Concentrations of KIM-1 in the blood may predict for renal cell carcinoma up to 5 years prior to diagnosis.
Concentrations of kidney injury molecule-1 (KIM-1) in the blood may predict for renal cell carcinoma (RCC) up to 5 years prior to diagnosis, according to the results of a study published in Clinical Cancer Research. Additionally, those patients with high concentrations of KIM-1 had worse survival, the study showed.
“Identifying a sensitive and specific tumor marker that can detect early-stage RCC would have strong potential to improve the overall survival for RCC,” wrote Ghislaine Scelo, PhD, MS, of the International Agency for Research on Cancer in Lyon, France, and colleagues. “There is currently no known blood-based biomarker that is predictive of future RCC diagnosis.”
According to the study, there is no current method for screening for RCC in people who are not known to carry one of the gene variants associated with an increased risk for the disease. Therefore, identifying a marker that can help detect RCC at an early stage could potentially improve survival.
Prior research has shown that increased levels of KIM-1 in the urine and plasma were present at the time of clear cell RCC diagnosis. To assess whether plasma KIM-1 was associated with a risk for RCC diagnosis, the researchers measured KIM-1 concentrations in 190 patients with RCC and 190 controls from a population-based prospective cohort study. Patients with RCC had entered the study as many as 5 years prior to diagnosis.
KIM-1 was detected in the majority (93%) of cases and in 70% of controls. The median concentration of KIM-1 was 149 pg/mL in patients with RCC and 59 pg/mL in controls.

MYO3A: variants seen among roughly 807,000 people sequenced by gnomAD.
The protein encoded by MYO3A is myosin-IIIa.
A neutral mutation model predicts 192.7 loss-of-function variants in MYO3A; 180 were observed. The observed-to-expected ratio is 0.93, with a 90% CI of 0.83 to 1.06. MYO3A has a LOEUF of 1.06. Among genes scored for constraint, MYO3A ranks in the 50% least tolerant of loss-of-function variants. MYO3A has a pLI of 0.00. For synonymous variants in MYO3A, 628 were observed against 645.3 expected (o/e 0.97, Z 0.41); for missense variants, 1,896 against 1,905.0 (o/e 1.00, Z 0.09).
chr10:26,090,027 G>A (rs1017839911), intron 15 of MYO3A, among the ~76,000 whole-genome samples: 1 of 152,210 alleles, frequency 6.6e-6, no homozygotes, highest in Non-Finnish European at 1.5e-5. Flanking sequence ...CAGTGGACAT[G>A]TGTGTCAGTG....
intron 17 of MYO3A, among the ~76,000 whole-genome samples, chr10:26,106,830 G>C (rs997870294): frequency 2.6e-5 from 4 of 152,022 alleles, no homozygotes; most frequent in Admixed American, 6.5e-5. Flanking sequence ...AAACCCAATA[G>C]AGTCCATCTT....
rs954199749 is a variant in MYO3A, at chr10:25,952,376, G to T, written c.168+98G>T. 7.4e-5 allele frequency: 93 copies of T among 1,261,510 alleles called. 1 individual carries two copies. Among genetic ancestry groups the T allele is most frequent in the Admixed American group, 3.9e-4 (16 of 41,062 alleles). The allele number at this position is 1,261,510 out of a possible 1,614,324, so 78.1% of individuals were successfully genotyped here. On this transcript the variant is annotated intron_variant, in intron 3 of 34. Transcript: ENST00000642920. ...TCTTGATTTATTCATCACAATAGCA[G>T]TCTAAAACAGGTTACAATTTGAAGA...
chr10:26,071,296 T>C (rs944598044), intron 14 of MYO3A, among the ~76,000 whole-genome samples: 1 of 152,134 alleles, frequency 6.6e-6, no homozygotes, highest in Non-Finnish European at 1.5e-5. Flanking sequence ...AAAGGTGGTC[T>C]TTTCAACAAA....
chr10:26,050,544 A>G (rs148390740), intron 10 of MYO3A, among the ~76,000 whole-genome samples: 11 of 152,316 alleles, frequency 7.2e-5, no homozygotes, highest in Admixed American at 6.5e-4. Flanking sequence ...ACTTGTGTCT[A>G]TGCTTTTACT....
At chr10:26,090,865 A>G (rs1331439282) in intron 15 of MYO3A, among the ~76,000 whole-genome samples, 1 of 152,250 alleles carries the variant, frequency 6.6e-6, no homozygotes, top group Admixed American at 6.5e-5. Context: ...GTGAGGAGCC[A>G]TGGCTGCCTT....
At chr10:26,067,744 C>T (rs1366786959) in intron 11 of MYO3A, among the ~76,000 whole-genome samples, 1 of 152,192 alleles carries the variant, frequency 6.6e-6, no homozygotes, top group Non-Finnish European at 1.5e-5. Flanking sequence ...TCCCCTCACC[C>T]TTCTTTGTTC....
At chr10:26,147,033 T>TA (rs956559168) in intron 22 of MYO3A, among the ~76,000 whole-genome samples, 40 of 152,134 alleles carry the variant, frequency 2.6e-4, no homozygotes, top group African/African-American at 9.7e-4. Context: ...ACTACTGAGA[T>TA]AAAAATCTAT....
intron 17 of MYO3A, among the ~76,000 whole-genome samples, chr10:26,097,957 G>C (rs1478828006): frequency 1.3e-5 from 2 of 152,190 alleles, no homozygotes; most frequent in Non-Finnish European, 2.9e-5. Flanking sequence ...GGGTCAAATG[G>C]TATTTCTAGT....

The incidence rate ratio of RCC with a doubling of KIM-1 concentrations was 1.71. Comparing the 80th percentile vs the 20th percentile of the KIM-1 distribution in the sample of patients corresponded to an incidence rate ratio of 63.3.
During a median follow-up of almost 8 years from diagnosis, 88 of the 190 patients with RCC had died. Those who died had a median survival of 1 year. The researchers found a non-linear association between KIM-1 concentration and risk for death among patients with RCC.
The researchers noted that KIM-1, in combination with other known risk factors, was not unlikely to be of use in the diagnosis of RCC in a general population setting.
“We envisage that KIM-1 will be useful in settings where the risk of RCC is higher, such as patients undergoing abdominal CT scanning, where KIM-1 could be used to stratify risk of RCC,” they wrote. “This will be particularly important given the rise of routine CT scans, and the strong association between number of CT scans and number of nephrectomies performed at the regional level in the US, indicating a substantial burden of overdiagnosis.”
Commenting on the study, Jason Hafron, MD, director of robotic surgery at Beaumont Health and the Michigan Institute of Urology, called the data “exciting.”
“Currently we have no blood test to detect for kidney cancer,” Hafron said. “Based on the data in this paper, KIM-1 could potentially perform equally or better than PSA testing.”
He also noted that the use of KIM-1 in addition to the risk factors for kidney cancer-smoking, sex, age, BMI, history of hypertension, and diabetes-could improve the predictability of finding renal cell cancers.
“This is potentially important because 30% of renal cell cancers are metastatic at diagnosis,” he said.